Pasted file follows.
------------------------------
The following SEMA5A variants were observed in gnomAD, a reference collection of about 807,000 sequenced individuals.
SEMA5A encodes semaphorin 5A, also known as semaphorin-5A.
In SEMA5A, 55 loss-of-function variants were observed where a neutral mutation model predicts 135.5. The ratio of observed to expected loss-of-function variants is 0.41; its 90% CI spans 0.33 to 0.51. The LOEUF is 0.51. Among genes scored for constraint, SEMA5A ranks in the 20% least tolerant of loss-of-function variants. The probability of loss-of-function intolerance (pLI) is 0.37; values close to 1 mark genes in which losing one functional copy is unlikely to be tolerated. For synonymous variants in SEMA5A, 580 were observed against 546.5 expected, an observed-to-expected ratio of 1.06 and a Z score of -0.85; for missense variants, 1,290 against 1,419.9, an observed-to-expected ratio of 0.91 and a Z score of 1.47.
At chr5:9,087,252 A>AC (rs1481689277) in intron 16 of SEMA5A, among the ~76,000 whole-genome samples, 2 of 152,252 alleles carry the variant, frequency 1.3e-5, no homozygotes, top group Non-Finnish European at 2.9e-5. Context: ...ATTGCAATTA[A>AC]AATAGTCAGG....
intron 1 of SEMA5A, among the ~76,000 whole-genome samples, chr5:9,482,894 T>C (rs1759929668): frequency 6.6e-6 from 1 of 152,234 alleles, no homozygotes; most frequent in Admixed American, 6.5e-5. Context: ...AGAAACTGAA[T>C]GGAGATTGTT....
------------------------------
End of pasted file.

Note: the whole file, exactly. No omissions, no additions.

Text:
The following SEMA5A variants were observed in gnomAD, a reference collection of about 807,000 sequenced individuals.
SEMA5A encodes semaphorin 5A, also known as semaphorin-5A.
In SEMA5A, 55 loss-of-function variants were observed where a neutral mutation model predicts 135.5. The ratio of observed to expected loss-of-function variants is 0.41; its 90% CI spans 0.33 to 0.51. The LOEUF is 0.51. Among genes scored for constraint, SEMA5A ranks in the 20% least tolerant of loss-of-function variants. The probability of loss-of-function intolerance (pLI) is 0.37; values close to 1 mark genes in which losing one functional copy is unlikely to be tolerated. For synonymous variants in SEMA5A, 580 were observed against 546.5 expected, an observed-to-expected ratio of 1.06 and a Z score of -0.85; for missense variants, 1,290 against 1,419.9, an observed-to-expected ratio of 0.91 and a Z score of 1.47.
At chr5:9,087,252 A>AC (rs1481689277) in intron 16 of SEMA5A, among the ~76,000 whole-genome samples, 2 of 152,252 alleles carry the variant, frequency 1.3e-5, no homozygotes, top group Non-Finnish European at 2.9e-5. Context: ...ATTGCAATTA[A>AC]AATAGTCAGG....
intron 1 of SEMA5A, among the ~76,000 whole-genome samples, chr5:9,482,894 T>C (rs1759929668): frequency 6.6e-6 from 1 of 152,234 alleles, no homozygotes; most frequent in Admixed American, 6.5e-5. Context: ...AGAAACTGAA[T>C]GGAGATTGTT....